An Iraqi Artist Channels Grief and Nostalgia in “Reconquista”
The Moor in question is Abu Abdullah (c. 1460-1533), the last Arab leader of Granada, which was, in turn, the last Islamic kingdom in Western Europe. Abdullah was forced out of his country by King Ferdinand and Queen Isabella of Spain in 1492. As the story goes, before retreating into exile, he let out one last sigh as he looked back at the city’s glittering palaces.
This feeling of dislocation is something that Yahya understands all too well: born and raised in Baghdad, the artist was pushed out of Iraq during a war that ravaged the country. He now lives and works in Houston, Texas. And while his new solo show at Meem Gallery, “Reconquista,” makes specific reference to the surrender of Granada, it’s not difficult to see the parallels between past and present—and to read Yahya’s works as meditations on timeless themes of memory, grief, and isolation.
Yahya readily acknowledges the “personal pain” of leaving Iraq as a driving force behind his work. “I try to investigate the answers provoked by my personal confrontation with a changing world; the antiquated remains of war, wandering from one country to another, accepting expatriation finally as a late psychological outlet,” he writes. That meditation pervades Yahya’s latest series, whether in works featuring human figures, like Homage to Ibn Rushd (Averroes) 2, where blue eyes gaze mournfully from a ghostly figure, or in the heartbreaking Adult's Toy (both 2014), portraying an elegant horse whose hooves have been snapped off, as if the animal was hewn from plastic.
Across the gallery, horses are represented in various states—maimed, armored, submissive, propped on sticks like toys, and lifeless. Gathered together, they become stand-ins for soldiers and the many roles they play, from valorous martyrs to puppets being pulled by the government’s strings. “The horse is the obedient, acquiescent soldier who is the conduit for these types of wars,” Yahya explains of his use of the horse in the exhibition catalogue. “The Arab horse is never mentioned or valorized in Arab poetry in the way that the soldier or fighter is…despite the beauty of the features of the Arab horse, [it] reminds me of the preparations and exercises we would do in the army, so as to appear more dangerous on the battlefield.”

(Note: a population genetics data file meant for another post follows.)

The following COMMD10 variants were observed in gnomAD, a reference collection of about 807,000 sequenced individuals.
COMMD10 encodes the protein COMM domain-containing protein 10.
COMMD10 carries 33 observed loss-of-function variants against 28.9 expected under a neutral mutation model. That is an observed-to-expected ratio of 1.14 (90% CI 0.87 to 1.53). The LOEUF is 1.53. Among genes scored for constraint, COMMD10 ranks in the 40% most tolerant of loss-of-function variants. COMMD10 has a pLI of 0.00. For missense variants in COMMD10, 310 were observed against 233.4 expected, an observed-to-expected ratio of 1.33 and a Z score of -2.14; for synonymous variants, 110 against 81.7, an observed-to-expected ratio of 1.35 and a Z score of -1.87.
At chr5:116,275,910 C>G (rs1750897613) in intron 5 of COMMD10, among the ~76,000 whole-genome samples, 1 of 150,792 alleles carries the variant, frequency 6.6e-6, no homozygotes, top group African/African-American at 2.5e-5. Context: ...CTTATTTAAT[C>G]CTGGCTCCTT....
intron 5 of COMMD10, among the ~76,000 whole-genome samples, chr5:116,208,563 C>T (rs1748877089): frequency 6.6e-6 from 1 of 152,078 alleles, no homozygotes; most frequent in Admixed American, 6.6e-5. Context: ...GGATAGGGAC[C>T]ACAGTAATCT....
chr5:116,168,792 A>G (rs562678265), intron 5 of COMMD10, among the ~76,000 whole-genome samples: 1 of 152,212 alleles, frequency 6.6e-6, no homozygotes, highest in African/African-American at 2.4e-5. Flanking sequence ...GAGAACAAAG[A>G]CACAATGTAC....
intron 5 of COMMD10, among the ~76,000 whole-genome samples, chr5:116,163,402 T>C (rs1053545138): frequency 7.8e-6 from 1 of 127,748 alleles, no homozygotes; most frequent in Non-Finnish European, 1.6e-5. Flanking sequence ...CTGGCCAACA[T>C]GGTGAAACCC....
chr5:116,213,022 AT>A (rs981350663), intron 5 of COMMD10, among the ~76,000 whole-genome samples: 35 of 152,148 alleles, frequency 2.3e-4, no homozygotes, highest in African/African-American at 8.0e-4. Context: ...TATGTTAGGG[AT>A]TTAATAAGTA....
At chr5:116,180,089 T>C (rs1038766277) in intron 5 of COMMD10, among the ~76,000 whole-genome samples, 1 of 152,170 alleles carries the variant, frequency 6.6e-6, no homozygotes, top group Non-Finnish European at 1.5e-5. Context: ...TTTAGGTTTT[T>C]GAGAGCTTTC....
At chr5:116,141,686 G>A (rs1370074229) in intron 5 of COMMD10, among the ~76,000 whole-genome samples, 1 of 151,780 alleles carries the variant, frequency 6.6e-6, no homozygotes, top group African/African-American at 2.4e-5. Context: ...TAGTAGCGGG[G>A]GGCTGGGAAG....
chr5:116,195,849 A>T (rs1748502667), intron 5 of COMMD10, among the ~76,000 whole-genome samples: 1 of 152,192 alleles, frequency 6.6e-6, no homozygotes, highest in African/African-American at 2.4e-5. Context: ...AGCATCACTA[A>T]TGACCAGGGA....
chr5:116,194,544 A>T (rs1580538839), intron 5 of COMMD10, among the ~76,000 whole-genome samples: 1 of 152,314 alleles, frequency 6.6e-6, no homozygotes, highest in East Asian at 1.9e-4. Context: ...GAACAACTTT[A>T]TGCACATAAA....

In Transition (2014), Yahya fuses the head of a horse, hung deferentially, to the muscular, albeit naked body of a man. The hybrid creature crouches, alone and exposed, on a gray background. It is a powerful symbol for the plight of a soldier—one that resonates historically and within the context of the war-torn contemporary Arab world.
Strung with works rich in symbolism related to displacement and war, the show is a potent meditation on the legacy of ongoing conflict. But Yahya’s work isn’t all doleful. One of the most affecting pieces—an installation reminiscent of a Andalusian hammam—offers a quiet, calming coda. As you step inside, a medley of alluring smells and sounds surrounds the viewer. This warm, mystical environment might just inspire a sigh—one steeped in the same feelings of admiration and longing that informed Abu Abdullah’s reaction as he looked back at Granada.